The influx of Mexican immigrants to the United States throughout the years has impacted our culture, labor force, and economy. Often these individuals are blamed for the perceived ills they bring to this country. Yet few people ever consider the profound influence that the United States has on Mexico.
In this first book to view modern Mexico in the era of NAFTA and globalization, In the Shadow of the Giant offers insight into the land on our southern border.
What we find is a nation that looks more like the United States than even Mexicans themselves could have imagined a decade ago: Rates of obesity are second only to the United States among the world's industrialized countries. Recreational drug use is soaring among young Mexicans, Citigroup owns the largest bank in Mexico Wal-Mart is the country's biggest private employer revealing a vastly different physical and cultural landscape from his days as a young journalist living in Mexico in the mid-1980s. Joseph Contreras tracks the relentless and ongoing Americanization of his ancestral home. Although these changes may seem a natural part of globalization, the country had long prided itself on the social, political, economic, and even spiritual differences that distinguished it from the United States. In addition to embracing our virtues and vices, Contreras argues that our southern neighbor has become a de facto economic colony of the United States.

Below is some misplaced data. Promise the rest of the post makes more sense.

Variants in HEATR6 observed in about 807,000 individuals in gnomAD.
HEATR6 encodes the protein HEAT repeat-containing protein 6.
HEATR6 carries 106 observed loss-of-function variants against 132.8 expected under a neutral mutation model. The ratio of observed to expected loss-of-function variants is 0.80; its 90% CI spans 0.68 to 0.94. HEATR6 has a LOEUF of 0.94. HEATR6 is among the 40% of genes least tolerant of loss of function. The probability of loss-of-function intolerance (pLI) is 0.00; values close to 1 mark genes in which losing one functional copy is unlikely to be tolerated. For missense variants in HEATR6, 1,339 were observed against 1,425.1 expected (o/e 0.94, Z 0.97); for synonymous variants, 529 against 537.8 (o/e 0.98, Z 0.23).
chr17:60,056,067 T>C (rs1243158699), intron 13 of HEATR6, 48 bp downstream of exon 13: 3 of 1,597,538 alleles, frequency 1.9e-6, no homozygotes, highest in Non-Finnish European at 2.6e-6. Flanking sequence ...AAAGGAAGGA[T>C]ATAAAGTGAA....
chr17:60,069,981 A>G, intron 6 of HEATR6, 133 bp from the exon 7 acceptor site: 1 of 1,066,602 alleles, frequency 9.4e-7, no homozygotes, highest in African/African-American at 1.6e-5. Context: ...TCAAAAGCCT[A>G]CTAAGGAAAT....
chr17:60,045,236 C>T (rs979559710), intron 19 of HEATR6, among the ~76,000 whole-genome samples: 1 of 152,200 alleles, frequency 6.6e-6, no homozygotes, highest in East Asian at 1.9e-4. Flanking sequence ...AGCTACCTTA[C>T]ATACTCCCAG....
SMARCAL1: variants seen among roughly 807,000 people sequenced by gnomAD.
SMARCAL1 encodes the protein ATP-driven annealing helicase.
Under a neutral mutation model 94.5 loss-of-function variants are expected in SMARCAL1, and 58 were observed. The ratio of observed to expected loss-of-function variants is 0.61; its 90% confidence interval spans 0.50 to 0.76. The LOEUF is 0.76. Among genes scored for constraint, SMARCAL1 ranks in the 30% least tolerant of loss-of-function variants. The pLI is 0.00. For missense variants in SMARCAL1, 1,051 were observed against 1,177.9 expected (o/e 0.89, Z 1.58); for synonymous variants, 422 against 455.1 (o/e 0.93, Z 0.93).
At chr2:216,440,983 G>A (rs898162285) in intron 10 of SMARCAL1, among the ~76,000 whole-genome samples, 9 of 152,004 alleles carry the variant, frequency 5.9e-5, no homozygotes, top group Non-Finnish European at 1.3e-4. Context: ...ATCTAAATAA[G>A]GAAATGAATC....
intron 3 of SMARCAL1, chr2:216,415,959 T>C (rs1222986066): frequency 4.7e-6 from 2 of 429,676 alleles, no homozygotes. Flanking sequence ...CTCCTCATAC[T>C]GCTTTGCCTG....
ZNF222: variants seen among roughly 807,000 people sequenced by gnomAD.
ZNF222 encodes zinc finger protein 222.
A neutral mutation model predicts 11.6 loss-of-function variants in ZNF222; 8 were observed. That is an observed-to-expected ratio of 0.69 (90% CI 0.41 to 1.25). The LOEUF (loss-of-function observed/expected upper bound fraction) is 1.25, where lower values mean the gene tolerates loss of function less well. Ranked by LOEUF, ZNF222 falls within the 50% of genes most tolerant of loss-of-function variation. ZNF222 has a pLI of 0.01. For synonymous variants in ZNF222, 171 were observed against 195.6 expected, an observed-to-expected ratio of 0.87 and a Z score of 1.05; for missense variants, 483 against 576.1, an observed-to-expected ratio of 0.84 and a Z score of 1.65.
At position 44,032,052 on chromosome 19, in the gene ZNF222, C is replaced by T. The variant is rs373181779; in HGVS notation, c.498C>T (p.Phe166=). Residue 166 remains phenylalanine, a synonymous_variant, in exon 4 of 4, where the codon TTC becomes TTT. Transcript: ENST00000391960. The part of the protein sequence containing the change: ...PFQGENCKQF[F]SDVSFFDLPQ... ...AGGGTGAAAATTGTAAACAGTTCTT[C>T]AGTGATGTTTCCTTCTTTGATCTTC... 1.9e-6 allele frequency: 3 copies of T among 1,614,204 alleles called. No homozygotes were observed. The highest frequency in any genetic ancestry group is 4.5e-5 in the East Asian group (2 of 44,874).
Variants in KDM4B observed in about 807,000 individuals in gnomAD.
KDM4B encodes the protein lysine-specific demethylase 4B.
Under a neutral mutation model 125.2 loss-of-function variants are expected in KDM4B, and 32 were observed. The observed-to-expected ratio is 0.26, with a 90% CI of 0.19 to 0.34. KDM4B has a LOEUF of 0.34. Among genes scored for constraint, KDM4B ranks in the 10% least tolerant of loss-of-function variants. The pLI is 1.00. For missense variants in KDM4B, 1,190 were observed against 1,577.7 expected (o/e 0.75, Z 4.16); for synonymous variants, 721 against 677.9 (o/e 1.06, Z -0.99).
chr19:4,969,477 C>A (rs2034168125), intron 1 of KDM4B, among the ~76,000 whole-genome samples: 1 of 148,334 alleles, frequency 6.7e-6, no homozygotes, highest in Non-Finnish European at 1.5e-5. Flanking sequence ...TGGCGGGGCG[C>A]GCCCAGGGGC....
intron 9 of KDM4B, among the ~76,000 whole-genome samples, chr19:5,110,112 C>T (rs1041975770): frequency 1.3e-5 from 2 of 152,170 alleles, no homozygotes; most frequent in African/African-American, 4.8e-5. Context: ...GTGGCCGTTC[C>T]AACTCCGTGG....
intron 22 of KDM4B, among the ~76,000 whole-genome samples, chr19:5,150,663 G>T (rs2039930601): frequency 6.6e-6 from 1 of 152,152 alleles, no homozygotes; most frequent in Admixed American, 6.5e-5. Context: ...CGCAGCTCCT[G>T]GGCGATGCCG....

At a time when immigration looms as a leading hot-button issue in American politics, the time is ripe for examining our influences, for better or worse, on our neighbor to the south.